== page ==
One of the best parts of the holidays for me (as you might imagine) are theIMG_3589 copy cookies. I love to make them, give them, exchange them, receive them. Over the years, I’ve narrowed my personal baking selection down to a handful of exceptional, easy to make recipes. These are cookies that turn out great every time and each is a showstopper in terms of taste, texture, and beauty. Each also stands up to freezing, shipping and storing.

For the next week, I’ll share a cookie recipe every day so that by Sunday you’ll have everything you need to have the most delicious cookie tray ever.


Cherry Pistachio Mexican Wedding Cakes

This recipe is adapted from Epicurious. I’ve been making these every year since I saw them in the December 2006 Bon Appetit. They are light, delicious, and wonderful to give. Make sure your butter is soft but not warm, and do sift your flours. You don’t want anything to weigh these babies down. Also, note, if you ever wondered what making cookies was like in the olden times, this is the recipe to work with: Mixing in the 5 cups of flour by hand is a bit of work, but like with scones and shortbread, the warmth of your hands does something magical to the dough. Just go slowly and be patient, the results are well worth it. PS, this is why you should use a very large bowl.

I use a rectangular 1 Tablespoon measure when forming the cookies, the results are more consistent. The original recipe says it yields 80 cookies. I reliably get about 60.


2 c (4 sticks) unsalted butter, room temperature

1 c powdered sugar plus more for coating

2 Tbs vanilla extract

1 tsp salt

1 c shelled unsalted natural pistachios (about 4 ounces), chopped (I use Trader Joe’s dry roasted, unsalted pistachios)

1 c dried tart cherries or dried cranberries (again, Trader Joe’s)

3 1/3 c sifted cake flour

1 2/3 c sifted all purpose flour


Preheat oven to 350°F. Arrange racks on the top and middle of the oven. Line two large baking sheets with Silpat or parchment. Set aside.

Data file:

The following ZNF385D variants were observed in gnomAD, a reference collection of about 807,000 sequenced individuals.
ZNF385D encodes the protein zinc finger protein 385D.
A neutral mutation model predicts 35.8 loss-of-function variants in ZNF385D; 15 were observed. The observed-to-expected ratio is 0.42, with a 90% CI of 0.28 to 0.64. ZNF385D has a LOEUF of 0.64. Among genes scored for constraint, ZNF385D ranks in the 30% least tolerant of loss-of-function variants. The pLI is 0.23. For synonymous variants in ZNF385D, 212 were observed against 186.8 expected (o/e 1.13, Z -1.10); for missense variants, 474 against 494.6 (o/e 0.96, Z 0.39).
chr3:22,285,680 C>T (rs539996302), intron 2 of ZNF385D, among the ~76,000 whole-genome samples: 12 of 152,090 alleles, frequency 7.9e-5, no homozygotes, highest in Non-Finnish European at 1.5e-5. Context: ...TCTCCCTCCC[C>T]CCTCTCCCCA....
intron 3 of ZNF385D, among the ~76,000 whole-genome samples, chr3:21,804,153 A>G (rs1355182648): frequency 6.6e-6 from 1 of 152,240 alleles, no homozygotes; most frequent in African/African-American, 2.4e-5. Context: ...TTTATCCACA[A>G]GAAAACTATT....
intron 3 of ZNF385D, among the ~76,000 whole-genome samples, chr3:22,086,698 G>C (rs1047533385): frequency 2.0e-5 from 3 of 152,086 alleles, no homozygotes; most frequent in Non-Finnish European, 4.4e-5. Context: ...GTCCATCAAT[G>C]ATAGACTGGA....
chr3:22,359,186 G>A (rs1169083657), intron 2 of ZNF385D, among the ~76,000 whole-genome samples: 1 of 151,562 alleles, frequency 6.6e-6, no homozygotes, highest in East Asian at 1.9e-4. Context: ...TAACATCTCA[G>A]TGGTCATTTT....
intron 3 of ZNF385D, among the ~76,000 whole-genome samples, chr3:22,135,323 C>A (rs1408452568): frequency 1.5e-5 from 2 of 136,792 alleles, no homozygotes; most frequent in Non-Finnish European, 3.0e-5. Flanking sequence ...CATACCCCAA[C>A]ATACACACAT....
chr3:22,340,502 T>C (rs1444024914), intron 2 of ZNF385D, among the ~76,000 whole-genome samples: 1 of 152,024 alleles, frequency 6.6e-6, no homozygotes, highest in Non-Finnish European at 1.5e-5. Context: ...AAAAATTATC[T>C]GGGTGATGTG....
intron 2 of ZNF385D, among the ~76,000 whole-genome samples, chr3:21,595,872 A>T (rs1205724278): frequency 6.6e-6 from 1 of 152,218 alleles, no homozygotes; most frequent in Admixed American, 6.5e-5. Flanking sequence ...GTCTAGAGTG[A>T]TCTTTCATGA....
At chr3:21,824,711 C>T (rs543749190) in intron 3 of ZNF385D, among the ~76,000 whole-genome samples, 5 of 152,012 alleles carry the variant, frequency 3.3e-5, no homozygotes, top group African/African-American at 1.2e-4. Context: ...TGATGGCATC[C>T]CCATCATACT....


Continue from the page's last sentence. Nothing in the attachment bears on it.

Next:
Beat butter and 1 cup powdered sugar in large bowl until light and fluffy. Beat in vanilla and salt, then pistachios and cherries. Dump in the flours and, usUntitleding your hands, carefully work the flour into the butter mixture. Be gentle, you don’t want to overmix the dough.

Using a rectangular 1 Tbs measure (or a generous round tablespoon), scoop dough and then roll in your hands into rough football-shaped ovals. Place on prepared sheets, spacing 1 inch apart. Bake cookies, rotating sheets halfway through, until bottoms just begin to color, about 16 minutes. Cool cookies on sheets 10 minutes before coating.

powderPour generous amount of powdered sugar into medium bowl. Working with 5 or 6 warm cookies at a time, add cookies to bowl of sugar; gently turn to coat thickly. Transfer cookies to rack to cool completely.

Can be made 4 days ahead. Store airtight at room temperature. (I store mine in single layers in 1 Gallon Ziploc bags.)

Peaceful Peppermint Bark

The holidays bring a lot with them. A Santa sackful of stress and fun byIMG_3536 turns. They always seem to catch us off guard and we’re out of time before we even realize it’s December. Finding moments of calm and peace among all the merry mayhem is the biggest challenge of the season. For many years, my moments came with a Starbucks soy latte and one of the individual squares of peppermint bark they sold at the register. I’d sit in my car, preferably on a quiet side street, and silently enjoy my coffee and treat. It helped.